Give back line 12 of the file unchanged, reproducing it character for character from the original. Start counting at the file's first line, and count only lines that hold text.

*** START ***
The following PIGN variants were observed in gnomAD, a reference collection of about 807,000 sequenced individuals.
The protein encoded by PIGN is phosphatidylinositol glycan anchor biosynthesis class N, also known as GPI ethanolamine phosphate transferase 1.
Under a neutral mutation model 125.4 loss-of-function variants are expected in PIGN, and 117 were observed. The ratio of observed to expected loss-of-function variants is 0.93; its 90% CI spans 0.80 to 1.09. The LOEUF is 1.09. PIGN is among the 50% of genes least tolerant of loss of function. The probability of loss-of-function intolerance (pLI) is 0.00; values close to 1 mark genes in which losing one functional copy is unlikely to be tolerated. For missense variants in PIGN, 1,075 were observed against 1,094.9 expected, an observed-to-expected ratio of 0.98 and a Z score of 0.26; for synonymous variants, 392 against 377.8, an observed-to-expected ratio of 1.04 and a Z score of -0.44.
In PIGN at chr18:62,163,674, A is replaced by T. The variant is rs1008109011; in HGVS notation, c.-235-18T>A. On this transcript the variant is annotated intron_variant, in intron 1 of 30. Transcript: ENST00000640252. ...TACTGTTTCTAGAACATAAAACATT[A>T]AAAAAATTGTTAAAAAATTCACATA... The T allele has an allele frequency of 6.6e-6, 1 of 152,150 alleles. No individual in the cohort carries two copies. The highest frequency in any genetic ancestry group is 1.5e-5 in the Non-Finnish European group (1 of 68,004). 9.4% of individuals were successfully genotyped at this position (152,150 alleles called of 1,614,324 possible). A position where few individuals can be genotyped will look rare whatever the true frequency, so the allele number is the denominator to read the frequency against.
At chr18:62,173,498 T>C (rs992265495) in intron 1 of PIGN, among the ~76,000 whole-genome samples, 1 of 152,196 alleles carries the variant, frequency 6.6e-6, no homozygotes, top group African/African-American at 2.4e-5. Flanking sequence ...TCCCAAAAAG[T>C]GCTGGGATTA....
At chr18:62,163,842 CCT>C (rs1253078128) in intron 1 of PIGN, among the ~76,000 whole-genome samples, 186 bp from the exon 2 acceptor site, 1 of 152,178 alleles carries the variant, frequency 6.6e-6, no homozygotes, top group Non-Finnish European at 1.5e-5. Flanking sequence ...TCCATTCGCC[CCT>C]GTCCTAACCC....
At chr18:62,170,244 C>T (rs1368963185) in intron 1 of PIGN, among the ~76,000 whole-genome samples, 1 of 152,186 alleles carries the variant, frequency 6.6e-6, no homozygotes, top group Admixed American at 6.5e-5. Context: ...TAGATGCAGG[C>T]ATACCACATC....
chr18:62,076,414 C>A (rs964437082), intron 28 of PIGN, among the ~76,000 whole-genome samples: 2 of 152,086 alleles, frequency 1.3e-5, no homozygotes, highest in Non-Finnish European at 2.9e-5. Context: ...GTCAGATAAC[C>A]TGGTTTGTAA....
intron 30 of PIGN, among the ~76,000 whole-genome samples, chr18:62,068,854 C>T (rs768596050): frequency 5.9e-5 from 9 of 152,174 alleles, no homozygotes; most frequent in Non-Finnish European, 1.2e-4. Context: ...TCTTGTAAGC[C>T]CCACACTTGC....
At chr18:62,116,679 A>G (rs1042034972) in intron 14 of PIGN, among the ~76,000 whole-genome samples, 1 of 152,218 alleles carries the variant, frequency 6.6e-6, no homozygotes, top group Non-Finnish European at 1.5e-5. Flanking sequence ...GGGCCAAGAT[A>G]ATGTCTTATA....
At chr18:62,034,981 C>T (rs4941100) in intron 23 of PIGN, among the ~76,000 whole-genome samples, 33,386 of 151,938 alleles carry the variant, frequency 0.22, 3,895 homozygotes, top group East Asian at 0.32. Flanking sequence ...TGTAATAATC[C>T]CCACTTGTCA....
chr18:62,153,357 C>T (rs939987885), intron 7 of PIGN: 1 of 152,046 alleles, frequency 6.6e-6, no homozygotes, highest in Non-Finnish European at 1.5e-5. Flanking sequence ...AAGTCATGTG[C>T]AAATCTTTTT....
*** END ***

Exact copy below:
chr18:62,153,357 C>T (rs939987885), intron 7 of PIGN: 1 of 152,046 alleles, frequency 6.6e-6, no homozygotes, highest in Non-Finnish European at 1.5e-5. Flanking sequence ...AAGTCATGTG[C>T]AAATCTTTTT....